Biomedical Engineering Reference
In-Depth Information
The system of utility models was originally a German creation, then it has
become particularly successful in Asian countries: Japan, Korea, China, Taiwan
and Vietnam.
3.2.8 Industrial Designs
About designs, the community rules envisage a dual type of protection: unregis-
tered and registered designs.
Unregistered designs are protected, starting from the date of first disclosure
and for a maximum of 3 years, against slavish copying. Registration provides a
broader protection (not only from the standpoint of time, namely for 25 years,
with renewals every fifth year), namely it confers the following rights:
• it prevents the use not only of an identical design, but also of a design reproduc-
ing the same overall impression;
• it excludes third parties from using the design (manufacturing, offer and/or sale,
import/export, utilization).
New designs provided with an individual character may be registered (not pat-
ented). Assessment is no longer based on the aesthetic value (the requirement of
special ornamentation was removed). A design is new if, before the application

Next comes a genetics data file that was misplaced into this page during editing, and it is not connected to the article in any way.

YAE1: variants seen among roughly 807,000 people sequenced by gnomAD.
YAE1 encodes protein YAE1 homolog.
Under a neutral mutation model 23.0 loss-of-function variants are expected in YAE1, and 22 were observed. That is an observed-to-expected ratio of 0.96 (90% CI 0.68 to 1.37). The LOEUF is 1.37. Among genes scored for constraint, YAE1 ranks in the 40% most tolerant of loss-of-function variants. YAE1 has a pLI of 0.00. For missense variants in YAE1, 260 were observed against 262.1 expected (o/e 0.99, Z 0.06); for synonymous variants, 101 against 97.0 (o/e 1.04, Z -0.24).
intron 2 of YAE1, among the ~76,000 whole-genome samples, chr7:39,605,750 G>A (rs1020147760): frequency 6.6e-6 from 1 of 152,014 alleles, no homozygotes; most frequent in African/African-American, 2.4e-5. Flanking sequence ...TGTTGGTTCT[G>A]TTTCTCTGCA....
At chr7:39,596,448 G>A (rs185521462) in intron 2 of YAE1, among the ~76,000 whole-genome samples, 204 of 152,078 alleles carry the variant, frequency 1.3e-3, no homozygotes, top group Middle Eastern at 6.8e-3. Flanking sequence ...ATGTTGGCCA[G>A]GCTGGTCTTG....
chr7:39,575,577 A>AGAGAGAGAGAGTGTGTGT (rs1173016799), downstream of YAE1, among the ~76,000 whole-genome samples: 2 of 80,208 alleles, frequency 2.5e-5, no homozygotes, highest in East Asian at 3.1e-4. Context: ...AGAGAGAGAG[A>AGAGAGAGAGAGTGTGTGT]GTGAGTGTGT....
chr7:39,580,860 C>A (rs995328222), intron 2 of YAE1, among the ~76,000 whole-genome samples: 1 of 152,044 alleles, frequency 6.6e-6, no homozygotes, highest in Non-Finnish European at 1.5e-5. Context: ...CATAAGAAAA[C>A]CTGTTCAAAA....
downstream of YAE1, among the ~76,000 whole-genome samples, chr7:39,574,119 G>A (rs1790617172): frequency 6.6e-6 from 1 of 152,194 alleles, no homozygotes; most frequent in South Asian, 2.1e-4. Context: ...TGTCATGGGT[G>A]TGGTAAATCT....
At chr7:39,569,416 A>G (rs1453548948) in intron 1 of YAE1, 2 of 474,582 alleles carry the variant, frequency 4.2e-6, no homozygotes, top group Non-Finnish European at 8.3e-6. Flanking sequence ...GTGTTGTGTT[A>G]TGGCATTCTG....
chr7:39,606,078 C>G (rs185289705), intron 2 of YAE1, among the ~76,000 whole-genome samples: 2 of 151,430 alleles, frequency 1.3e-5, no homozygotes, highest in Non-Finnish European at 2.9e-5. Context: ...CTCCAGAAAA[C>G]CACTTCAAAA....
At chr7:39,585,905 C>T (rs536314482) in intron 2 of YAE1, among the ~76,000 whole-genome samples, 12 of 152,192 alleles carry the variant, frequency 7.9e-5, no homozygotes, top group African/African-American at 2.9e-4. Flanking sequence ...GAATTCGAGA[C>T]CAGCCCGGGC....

filing date, no identical design or no design differing only in trivial or irrelevant
details has been disclosed [ 19 ].
The requirement of novelty is absolute: this means it has no limitations in terms
of either time or territory. However it is softened by some provisions:
• knowledge by informed users;
• disclosure to third parties under a duty of conidentiality;
• disclosure to third parties entailing abuse against the applicant;
• pre-disclosure by the author during the 12 months preceding the application iling.
A design is provided with individual character if informed users would find it dif-
ferent from other designs available to the public, taking the degrees of freedom of
designers into consideration.
The individual character has no aesthetic reference.
Informed users are neither experts or design critics, nor average consumers, but
people who is well acquainted with the market of the product where the design is
embodied and is able to recognize those aesthetic differences which might escape
the attention of occasional purchasers.
Some examples of assessment of the requirements are presented in Annex 1 at
the end of this chapter: they show some decisions of the Invalidity Division of the
Office for Harmonization in the Internal Market (OHIM).
The individual parts of a complex product are also liable of protection, but only
with regard to their outer appearance.
Once embodied in the complex product, the component must remain visible.
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